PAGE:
The Catholic Church has always placed great emphasis on the natural sciences — that is, the study of objectively measurable phenomena based on empirical evidence. While extraterrestrial life, speculative as it is, does not necessarily fall under this category, the question of its existence raises theological concerns.
Fields like biology, geology and physics exemplify natural sciences that have piqued the interest of the Catholic world. And the Church has elevated plenty of men due to their success in these empirical sciences.
Gregor Mendel, who was an Augustinian friar, is the father of modern genetics. Blessed Nicolas Steno, who was a Catholic bishop, is the founder of the study of fossils. Albert the Great, a Doctor of the Church and the patron saint of the natural sciences, worked extensively in the fields of biology and physics.
While the study of God (theology) enjoys pride of place as the "queen of the sciences," knowledge of the natural world has always been promoted by Christianity. Better said, knowledge of the natural world is an essential component of Christianity.
Saint Paul makes this clear in his letter to the Romans: "For what can be known about God is plain to them, because God has shown it to them. Ever since the creation of the world, His invisible nature, namely, His eternal power and deity, has been clearly perceived in the things that have been made" (Romans 1:19–20).
Drawing on Scripture and Tradition, in his encyclical letter Fides et Ratio, Pope St. John Paul II emphasized the importance of reason; that is, knowledge unaided by divine revelation. He states, "The Church remains profoundly convinced that faith and reason 'mutually support each other.'"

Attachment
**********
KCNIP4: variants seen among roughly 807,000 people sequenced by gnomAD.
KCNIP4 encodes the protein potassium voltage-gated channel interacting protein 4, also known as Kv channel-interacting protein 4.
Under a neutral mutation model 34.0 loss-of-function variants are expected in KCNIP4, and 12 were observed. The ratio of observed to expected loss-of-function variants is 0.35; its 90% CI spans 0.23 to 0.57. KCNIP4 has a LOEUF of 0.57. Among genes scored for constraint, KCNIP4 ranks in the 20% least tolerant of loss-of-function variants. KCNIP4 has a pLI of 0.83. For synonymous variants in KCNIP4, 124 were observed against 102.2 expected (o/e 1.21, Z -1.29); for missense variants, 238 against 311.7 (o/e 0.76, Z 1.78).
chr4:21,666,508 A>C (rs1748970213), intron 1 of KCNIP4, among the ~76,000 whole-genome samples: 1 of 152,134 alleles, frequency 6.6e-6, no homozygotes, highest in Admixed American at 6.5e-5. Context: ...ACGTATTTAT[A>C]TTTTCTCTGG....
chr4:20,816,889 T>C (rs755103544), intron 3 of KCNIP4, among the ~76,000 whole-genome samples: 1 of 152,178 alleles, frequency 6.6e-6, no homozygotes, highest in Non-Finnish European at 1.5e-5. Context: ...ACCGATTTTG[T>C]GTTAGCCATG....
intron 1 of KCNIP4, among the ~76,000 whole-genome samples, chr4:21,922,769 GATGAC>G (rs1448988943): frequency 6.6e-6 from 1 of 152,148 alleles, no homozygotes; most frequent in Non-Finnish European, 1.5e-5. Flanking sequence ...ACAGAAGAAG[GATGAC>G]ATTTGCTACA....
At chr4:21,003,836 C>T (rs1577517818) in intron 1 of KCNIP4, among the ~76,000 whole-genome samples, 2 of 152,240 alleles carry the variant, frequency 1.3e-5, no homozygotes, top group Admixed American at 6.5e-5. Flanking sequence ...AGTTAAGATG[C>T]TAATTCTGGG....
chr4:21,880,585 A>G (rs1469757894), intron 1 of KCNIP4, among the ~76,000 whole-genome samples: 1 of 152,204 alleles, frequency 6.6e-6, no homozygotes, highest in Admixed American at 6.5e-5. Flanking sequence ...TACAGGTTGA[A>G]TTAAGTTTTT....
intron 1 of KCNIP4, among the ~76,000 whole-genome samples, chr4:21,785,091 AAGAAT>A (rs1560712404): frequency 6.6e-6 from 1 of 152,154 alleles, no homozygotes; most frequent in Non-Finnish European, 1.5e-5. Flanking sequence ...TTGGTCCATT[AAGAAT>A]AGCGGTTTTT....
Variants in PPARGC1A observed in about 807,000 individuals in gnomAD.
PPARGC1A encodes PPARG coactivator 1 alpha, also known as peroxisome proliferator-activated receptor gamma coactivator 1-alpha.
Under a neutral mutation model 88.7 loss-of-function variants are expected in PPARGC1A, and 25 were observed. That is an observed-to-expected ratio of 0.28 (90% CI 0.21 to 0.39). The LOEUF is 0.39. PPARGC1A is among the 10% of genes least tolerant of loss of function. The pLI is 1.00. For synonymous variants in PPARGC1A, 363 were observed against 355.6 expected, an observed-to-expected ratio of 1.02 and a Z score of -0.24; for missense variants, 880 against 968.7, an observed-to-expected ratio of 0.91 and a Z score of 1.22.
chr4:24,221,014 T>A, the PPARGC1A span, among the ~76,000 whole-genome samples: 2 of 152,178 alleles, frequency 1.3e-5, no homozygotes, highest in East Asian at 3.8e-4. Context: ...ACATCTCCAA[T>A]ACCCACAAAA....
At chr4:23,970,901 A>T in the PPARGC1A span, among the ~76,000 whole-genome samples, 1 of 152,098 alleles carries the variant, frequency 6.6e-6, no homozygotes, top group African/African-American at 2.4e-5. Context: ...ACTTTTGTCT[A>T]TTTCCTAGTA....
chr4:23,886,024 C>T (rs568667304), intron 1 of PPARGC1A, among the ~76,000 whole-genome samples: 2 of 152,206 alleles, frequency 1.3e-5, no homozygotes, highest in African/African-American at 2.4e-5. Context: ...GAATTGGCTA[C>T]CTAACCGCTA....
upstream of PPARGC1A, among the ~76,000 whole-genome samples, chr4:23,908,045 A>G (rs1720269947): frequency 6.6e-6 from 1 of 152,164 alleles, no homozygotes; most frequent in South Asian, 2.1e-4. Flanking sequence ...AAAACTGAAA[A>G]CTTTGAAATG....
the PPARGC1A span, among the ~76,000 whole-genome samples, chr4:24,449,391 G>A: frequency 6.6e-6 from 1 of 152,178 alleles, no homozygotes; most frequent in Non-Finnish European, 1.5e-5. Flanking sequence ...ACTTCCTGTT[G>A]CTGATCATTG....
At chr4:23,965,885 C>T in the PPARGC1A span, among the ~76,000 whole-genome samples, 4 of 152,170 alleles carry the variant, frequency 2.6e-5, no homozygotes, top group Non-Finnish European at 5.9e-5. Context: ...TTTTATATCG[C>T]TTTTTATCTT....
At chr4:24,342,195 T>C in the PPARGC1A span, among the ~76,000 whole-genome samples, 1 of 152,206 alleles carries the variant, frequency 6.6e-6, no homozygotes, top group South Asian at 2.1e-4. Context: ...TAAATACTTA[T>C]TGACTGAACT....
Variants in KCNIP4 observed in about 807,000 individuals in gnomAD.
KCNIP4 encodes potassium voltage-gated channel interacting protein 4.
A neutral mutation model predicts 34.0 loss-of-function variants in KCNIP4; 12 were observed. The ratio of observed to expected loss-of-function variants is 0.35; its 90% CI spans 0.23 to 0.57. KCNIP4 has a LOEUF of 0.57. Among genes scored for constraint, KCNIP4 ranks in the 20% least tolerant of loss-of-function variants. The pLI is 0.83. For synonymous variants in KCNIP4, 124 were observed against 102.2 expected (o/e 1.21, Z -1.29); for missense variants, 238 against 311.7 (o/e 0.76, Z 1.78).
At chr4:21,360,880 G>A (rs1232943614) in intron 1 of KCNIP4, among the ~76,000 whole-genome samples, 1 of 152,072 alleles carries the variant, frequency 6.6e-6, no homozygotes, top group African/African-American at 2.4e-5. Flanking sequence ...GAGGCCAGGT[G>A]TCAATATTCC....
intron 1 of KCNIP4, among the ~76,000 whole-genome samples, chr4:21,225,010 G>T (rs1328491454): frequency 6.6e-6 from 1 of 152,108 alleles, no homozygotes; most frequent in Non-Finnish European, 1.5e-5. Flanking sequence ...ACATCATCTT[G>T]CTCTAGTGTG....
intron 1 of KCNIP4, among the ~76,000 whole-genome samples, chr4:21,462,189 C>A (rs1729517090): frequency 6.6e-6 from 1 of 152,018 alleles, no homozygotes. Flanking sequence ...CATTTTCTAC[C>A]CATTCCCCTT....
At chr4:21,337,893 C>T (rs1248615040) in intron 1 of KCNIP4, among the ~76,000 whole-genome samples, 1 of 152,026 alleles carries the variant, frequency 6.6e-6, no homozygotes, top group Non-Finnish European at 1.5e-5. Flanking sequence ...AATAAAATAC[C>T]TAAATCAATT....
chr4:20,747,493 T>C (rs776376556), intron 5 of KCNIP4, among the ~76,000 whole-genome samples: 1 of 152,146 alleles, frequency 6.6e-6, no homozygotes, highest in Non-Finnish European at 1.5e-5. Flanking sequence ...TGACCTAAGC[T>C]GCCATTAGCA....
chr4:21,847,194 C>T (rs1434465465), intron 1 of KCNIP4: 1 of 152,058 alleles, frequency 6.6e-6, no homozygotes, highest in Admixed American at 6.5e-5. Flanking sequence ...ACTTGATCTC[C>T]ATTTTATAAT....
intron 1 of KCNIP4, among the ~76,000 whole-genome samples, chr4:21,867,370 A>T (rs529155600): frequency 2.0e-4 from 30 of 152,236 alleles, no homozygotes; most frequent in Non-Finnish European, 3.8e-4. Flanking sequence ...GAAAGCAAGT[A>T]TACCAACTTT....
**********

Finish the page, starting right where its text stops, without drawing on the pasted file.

Knowing more about "the things that have been made," such as the plants and animals, the rivers and seas, or even the sun, moon and stars, teaches us more about the Creator.
The Church's formal inquiry into astronomy, the study of the physical universe, started in the 16th century with Pope Gregory XIII. Pope Gregory commissioned the Gregorian Tower to be built mainly for the study of astronomy and the establishment of the Gregorian Calendar (which remains the internationally accepted civil calendar).
Over the centuries and with much help from subsequent pontificates, many advancements were made in the field of astronomy.
Eventually, the Vatican would even build its own observatory. Pope Leo XIII made this happen by issuing a motu proprio in 1891. In it, he ordered the Vatican Observatory to be constructed, and posited, "Among all of these [natural] studies, astronomy holds a preeminent position."
As while this may have been an accurate assessment at the end of the 19th century, it's unclear if that statement holds weight today.
At a time when our culture is attempting to redefine the most basic of human realities — namely one's unchangeable sex — the preeminent natural science of the day seems to be biology.
But this does not render the other sciences mere trifles, but it should be a consideration for 21st-century theologians.
There have always been questions surrounding astronomy, such as the existence of extraterrestrial intelligence, UFOs and other worlds. And today, these topics have even entered into many political debates and hearings, so it's helpful to have a Catholic understanding of these questions.
For this Catholic understanding, watch this week's Mic'd Up featuring Dr. Paul Thigpen, author of Extraterrestrial Intelligence and the Catholic Faith: Are We Alone in the Universe with God and the Angels?